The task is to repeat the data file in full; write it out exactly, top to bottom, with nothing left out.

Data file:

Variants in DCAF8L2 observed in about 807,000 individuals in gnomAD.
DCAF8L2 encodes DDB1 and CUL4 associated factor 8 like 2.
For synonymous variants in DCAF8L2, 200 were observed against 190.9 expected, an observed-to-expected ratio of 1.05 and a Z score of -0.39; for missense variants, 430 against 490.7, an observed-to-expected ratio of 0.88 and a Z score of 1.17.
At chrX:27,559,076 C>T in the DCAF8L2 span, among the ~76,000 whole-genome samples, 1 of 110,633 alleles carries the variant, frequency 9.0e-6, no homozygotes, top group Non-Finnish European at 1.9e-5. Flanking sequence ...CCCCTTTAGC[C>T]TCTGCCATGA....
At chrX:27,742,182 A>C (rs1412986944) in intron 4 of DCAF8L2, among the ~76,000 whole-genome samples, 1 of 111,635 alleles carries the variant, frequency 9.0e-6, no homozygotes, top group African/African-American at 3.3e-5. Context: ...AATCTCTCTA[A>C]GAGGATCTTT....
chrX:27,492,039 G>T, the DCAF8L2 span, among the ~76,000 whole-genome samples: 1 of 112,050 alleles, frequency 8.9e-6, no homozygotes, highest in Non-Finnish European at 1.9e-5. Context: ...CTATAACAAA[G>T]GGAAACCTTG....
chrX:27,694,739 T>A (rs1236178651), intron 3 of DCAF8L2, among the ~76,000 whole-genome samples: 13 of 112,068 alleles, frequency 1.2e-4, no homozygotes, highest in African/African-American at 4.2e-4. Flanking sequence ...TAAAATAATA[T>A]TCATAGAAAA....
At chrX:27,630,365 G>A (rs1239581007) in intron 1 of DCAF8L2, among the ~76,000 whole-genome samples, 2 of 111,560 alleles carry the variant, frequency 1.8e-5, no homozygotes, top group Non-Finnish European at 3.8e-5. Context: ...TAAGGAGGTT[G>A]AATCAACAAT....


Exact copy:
Variants in DCAF8L2 observed in about 807,000 individuals in gnomAD.
DCAF8L2 encodes DDB1 and CUL4 associated factor 8 like 2.
For synonymous variants in DCAF8L2, 200 were observed against 190.9 expected, an observed-to-expected ratio of 1.05 and a Z score of -0.39; for missense variants, 430 against 490.7, an observed-to-expected ratio of 0.88 and a Z score of 1.17.
At chrX:27,559,076 C>T in the DCAF8L2 span, among the ~76,000 whole-genome samples, 1 of 110,633 alleles carries the variant, frequency 9.0e-6, no homozygotes, top group Non-Finnish European at 1.9e-5. Flanking sequence ...CCCCTTTAGC[C>T]TCTGCCATGA....
At chrX:27,742,182 A>C (rs1412986944) in intron 4 of DCAF8L2, among the ~76,000 whole-genome samples, 1 of 111,635 alleles carries the variant, frequency 9.0e-6, no homozygotes, top group African/African-American at 3.3e-5. Context: ...AATCTCTCTA[A>C]GAGGATCTTT....
chrX:27,492,039 G>T, the DCAF8L2 span, among the ~76,000 whole-genome samples: 1 of 112,050 alleles, frequency 8.9e-6, no homozygotes, highest in Non-Finnish European at 1.9e-5. Context: ...CTATAACAAA[G>T]GGAAACCTTG....
chrX:27,694,739 T>A (rs1236178651), intron 3 of DCAF8L2, among the ~76,000 whole-genome samples: 13 of 112,068 alleles, frequency 1.2e-4, no homozygotes, highest in African/African-American at 4.2e-4. Flanking sequence ...TAAAATAATA[T>A]TCATAGAAAA....
At chrX:27,630,365 G>A (rs1239581007) in intron 1 of DCAF8L2, among the ~76,000 whole-genome samples, 2 of 111,560 alleles carry the variant, frequency 1.8e-5, no homozygotes, top group Non-Finnish European at 3.8e-5. Context: ...TAAGGAGGTT[G>A]AATCAACAAT....